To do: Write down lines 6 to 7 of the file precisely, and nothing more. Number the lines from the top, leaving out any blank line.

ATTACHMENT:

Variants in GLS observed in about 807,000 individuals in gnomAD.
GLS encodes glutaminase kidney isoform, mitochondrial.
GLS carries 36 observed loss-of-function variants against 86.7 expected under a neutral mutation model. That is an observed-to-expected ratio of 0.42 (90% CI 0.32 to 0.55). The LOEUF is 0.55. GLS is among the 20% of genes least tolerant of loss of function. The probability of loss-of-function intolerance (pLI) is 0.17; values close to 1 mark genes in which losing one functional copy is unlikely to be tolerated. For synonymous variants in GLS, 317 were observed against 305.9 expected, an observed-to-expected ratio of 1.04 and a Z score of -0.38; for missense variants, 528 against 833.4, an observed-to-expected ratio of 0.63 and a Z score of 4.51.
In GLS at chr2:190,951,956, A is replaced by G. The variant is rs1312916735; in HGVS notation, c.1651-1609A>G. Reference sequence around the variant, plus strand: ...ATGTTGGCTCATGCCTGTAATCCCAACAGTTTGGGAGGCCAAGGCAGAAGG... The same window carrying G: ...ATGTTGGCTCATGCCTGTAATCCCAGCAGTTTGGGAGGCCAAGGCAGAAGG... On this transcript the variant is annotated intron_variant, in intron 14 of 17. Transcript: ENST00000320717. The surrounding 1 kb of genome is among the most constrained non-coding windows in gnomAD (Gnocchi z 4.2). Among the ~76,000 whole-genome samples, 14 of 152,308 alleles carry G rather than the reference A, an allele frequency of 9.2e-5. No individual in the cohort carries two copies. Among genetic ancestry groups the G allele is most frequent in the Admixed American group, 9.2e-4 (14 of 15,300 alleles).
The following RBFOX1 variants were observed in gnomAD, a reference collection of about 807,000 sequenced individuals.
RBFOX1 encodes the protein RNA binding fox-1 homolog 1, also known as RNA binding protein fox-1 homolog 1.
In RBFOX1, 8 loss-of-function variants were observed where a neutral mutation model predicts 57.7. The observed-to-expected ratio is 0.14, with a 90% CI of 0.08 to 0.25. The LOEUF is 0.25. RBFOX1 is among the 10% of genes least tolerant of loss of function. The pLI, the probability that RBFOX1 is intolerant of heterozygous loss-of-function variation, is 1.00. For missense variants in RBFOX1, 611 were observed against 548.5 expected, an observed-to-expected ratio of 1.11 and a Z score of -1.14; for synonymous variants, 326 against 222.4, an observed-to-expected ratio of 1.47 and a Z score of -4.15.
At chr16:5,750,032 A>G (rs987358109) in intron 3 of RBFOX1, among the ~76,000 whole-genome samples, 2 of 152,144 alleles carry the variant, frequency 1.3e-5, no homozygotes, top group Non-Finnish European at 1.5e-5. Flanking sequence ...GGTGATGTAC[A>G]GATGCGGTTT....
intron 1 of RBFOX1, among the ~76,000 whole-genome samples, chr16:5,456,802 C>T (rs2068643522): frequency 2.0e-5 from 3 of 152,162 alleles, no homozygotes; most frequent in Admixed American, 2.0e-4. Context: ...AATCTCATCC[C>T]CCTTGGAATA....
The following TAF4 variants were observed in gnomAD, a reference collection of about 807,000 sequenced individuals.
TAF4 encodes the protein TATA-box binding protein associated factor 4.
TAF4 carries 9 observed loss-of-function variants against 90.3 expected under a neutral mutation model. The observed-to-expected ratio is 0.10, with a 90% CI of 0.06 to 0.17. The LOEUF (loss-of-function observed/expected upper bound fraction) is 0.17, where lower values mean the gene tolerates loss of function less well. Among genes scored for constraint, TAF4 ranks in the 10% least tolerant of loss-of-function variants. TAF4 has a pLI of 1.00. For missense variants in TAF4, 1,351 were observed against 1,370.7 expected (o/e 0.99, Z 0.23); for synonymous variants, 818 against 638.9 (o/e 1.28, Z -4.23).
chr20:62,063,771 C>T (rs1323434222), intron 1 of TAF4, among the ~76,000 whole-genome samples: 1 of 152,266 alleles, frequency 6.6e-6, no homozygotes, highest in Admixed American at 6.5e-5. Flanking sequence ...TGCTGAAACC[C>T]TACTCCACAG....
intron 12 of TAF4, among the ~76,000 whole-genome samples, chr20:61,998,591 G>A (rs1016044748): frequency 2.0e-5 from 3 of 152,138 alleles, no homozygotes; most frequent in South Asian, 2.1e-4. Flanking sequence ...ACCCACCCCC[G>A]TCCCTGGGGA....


RBFOX1 encodes the protein RNA binding fox-1 homolog 1, also known as RNA binding protein fox-1 homolog 1.
In RBFOX1, 8 loss-of-function variants were observed where a neutral mutation model predicts 57.7. The observed-to-expected ratio is 0.14, with a 90% CI of 0.08 to 0.25. The LOEUF is 0.25. RBFOX1 is among the 10% of genes least tolerant of loss of function. The pLI, the probability that RBFOX1 is intolerant of heterozygous loss-of-function variation, is 1.00. For missense variants in RBFOX1, 611 were observed against 548.5 expected, an observed-to-expected ratio of 1.11 and a Z score of -1.14; for synonymous variants, 326 against 222.4, an observed-to-expected ratio of 1.47 and a Z score of -4.15.